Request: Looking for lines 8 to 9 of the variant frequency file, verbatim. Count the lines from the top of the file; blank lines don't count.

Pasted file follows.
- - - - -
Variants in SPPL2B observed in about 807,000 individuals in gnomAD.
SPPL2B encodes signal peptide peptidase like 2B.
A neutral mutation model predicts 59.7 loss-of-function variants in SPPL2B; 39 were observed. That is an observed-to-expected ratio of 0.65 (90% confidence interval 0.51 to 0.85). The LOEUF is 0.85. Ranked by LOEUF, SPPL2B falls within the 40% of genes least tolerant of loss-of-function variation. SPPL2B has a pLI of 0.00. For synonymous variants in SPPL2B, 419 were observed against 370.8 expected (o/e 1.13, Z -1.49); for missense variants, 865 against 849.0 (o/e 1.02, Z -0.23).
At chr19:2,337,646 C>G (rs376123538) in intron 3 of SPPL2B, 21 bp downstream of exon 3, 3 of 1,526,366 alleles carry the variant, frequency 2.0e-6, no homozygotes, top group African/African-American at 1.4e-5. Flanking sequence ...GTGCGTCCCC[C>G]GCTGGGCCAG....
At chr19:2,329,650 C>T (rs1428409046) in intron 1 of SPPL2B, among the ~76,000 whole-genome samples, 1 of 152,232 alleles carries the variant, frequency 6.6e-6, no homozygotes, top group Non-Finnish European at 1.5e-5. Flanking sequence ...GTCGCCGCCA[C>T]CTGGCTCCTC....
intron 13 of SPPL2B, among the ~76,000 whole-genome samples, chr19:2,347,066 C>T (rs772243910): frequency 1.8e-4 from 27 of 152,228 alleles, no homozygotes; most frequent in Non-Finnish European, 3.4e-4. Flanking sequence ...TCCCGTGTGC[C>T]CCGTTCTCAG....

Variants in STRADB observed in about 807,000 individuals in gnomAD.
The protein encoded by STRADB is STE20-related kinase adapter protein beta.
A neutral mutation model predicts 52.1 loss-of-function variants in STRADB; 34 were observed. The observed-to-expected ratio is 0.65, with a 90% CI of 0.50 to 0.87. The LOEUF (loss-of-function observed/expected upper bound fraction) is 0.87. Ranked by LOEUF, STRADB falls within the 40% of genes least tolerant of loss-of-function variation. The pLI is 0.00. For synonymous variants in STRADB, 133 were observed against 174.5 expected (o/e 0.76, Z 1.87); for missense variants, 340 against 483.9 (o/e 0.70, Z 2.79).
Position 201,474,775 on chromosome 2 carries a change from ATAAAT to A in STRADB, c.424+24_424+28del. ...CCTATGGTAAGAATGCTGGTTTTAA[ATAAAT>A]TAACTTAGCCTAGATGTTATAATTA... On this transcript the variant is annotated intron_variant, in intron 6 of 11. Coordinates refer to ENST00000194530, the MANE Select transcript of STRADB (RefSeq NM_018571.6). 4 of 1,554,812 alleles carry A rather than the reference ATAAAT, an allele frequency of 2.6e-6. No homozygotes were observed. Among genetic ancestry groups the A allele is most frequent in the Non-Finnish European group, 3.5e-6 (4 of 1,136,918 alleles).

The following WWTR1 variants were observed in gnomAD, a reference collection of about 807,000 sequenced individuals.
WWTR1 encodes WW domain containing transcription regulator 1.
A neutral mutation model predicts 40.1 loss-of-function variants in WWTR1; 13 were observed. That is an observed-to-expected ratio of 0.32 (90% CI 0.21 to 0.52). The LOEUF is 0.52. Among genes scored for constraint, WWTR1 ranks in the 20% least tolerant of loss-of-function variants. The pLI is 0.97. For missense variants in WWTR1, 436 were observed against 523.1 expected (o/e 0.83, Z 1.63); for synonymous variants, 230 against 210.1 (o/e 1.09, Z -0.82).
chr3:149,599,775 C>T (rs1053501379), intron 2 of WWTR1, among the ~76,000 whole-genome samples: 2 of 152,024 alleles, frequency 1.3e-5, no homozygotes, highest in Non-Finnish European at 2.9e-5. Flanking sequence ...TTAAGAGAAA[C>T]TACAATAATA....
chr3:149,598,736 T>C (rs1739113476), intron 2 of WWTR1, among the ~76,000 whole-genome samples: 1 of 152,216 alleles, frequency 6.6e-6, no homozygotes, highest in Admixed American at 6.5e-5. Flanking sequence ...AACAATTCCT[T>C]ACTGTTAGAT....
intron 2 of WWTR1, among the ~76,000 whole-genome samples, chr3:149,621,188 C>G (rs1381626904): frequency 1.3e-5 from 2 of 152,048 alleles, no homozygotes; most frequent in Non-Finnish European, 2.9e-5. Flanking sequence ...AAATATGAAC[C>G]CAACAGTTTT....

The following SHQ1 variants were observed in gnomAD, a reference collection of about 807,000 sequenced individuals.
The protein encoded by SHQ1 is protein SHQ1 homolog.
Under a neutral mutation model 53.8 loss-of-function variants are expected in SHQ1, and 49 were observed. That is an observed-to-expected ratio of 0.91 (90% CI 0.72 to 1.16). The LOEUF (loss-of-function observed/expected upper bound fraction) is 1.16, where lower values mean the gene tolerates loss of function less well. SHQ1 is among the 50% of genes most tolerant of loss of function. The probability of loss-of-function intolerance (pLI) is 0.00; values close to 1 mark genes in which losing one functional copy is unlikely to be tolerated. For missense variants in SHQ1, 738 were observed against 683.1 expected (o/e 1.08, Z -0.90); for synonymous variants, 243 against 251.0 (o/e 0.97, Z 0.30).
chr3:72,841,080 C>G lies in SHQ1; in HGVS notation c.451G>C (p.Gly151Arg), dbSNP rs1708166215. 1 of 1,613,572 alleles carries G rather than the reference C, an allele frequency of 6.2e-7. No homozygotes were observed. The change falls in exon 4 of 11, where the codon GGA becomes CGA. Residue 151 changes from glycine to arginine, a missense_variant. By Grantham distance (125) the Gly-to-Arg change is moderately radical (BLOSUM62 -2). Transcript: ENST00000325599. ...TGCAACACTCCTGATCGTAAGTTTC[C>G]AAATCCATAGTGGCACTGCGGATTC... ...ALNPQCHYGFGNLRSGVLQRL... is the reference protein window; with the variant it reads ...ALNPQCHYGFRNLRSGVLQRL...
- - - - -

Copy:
The protein encoded by STRADB is STE20-related kinase adapter protein beta.
A neutral mutation model predicts 52.1 loss-of-function variants in STRADB; 34 were observed. The observed-to-expected ratio is 0.65, with a 90% CI of 0.50 to 0.87. The LOEUF (loss-of-function observed/expected upper bound fraction) is 0.87. Ranked by LOEUF, STRADB falls within the 40% of genes least tolerant of loss-of-function variation. The pLI is 0.00. For synonymous variants in STRADB, 133 were observed against 174.5 expected (o/e 0.76, Z 1.87); for missense variants, 340 against 483.9 (o/e 0.70, Z 2.79).